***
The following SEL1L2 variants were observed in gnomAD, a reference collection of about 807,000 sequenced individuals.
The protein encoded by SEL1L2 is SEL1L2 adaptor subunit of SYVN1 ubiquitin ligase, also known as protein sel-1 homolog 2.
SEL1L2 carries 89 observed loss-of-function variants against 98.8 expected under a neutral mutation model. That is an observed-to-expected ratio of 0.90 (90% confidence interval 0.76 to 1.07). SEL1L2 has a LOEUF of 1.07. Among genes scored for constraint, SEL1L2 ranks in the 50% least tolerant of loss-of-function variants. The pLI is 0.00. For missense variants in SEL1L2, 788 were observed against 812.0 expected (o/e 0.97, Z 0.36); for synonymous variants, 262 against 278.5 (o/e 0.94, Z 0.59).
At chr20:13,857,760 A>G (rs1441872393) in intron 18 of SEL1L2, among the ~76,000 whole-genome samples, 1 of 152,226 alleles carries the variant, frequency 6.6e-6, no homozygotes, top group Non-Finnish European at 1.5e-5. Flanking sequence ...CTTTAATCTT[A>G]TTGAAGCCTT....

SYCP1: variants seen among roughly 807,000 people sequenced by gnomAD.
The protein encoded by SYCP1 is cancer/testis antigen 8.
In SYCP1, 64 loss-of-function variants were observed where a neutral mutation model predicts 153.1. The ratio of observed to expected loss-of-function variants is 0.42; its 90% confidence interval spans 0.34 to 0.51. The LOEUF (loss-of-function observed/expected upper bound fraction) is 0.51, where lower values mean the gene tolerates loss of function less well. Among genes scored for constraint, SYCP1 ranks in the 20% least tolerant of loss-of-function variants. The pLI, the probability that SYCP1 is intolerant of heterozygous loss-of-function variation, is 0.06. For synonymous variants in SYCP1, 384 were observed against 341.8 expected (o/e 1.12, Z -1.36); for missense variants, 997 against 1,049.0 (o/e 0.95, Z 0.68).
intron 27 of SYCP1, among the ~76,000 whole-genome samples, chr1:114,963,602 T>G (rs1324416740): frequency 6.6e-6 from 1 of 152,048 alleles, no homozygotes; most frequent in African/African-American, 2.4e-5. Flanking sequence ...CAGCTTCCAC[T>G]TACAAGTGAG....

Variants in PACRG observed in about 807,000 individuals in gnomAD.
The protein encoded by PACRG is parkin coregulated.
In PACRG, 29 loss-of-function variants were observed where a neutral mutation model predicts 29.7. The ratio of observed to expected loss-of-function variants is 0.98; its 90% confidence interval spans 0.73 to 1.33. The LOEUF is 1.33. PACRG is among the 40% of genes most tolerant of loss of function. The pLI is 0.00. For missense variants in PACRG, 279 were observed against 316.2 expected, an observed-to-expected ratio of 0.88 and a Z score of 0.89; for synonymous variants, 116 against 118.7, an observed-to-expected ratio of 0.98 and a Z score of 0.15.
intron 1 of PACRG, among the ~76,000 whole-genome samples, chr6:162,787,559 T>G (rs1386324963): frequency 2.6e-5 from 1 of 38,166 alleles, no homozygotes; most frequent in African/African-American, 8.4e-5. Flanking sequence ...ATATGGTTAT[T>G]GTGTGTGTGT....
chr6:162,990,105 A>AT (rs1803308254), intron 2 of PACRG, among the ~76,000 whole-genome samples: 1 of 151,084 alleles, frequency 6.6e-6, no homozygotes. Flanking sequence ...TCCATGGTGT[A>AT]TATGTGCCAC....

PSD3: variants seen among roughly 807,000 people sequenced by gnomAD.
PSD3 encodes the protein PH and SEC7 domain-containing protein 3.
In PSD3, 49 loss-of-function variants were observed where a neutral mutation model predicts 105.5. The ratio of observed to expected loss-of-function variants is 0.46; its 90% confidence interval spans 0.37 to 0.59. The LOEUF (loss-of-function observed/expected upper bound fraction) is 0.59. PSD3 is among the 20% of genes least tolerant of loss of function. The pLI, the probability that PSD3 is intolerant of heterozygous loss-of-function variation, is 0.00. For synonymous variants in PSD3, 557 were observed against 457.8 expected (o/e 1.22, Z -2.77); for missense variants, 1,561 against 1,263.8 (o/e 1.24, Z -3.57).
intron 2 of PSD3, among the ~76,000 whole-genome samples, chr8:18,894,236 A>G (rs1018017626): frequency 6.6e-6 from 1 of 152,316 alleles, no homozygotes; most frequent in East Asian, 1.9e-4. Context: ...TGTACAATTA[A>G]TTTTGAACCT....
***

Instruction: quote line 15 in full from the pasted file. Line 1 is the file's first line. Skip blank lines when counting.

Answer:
PSD3 encodes the protein PH and SEC7 domain-containing protein 3.